“We have not been approving any apparel with the Indian head logo on it for quite some time,” Gundersen said at the April 27 meeting. “I can understand why [the t-shirt is] offensive.”

The push to retire the mascot

The decision to retire the two mascots on June 22 came on the heels of two ad hoc meetings between members of the Board and the PV One Spirit and Human Rights League clubs, district Superintendent Erik Gundersen said. The Board occasionally creates ad hoc (temporary) committees to address certain topics, according to Gundersen. A committee can not have more than four Board members present at a time, or else the meeting becomes official and must be advertised and open to the public.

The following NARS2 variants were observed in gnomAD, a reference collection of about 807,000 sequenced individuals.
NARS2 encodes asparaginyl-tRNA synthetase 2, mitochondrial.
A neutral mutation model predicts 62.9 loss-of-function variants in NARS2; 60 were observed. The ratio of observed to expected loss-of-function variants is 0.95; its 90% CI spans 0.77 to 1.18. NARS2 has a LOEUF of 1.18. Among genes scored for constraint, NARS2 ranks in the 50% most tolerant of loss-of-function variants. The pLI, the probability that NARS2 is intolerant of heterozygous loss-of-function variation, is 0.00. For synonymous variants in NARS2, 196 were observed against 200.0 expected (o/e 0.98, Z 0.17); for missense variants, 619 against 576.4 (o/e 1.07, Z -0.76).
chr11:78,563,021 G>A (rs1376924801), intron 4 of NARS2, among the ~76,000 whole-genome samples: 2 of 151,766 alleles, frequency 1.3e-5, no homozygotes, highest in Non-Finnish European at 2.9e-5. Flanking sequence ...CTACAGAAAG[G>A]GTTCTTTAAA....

“We [have meetings] all the time, in a variety of different committees that are ongoing, like our policy committee or finance committee or buildings and grounds committee,” Gundersen said. “There are a whole slew of Board of Education permanent committees and ad hoc committees that can get together.”

Several community members, including ones from the PV One Spirit Club and the Human Rights League, have advocated for the removal of the Indian head mascot. The One Spirit club believes that it has a “responsibility as Americans and students themselves and others about Native American culture and values,” according to its website. Students who are part of the Human Rights League discuss, educate, and advocate for human rights. In the past the group has proposed adding education about the Indian mascot to the school curriculum.

Rachel Cohen and Olivia Jones, last year’s One Spirit presidents, formed a committee of students to help them advocate for the removal of the Indian mascot. The group was composed of current One Spirit presidents Paige Gorman, Sarah Tamagny, and Lucy Disalvo, as well as Human Rights League member Skylar Fay.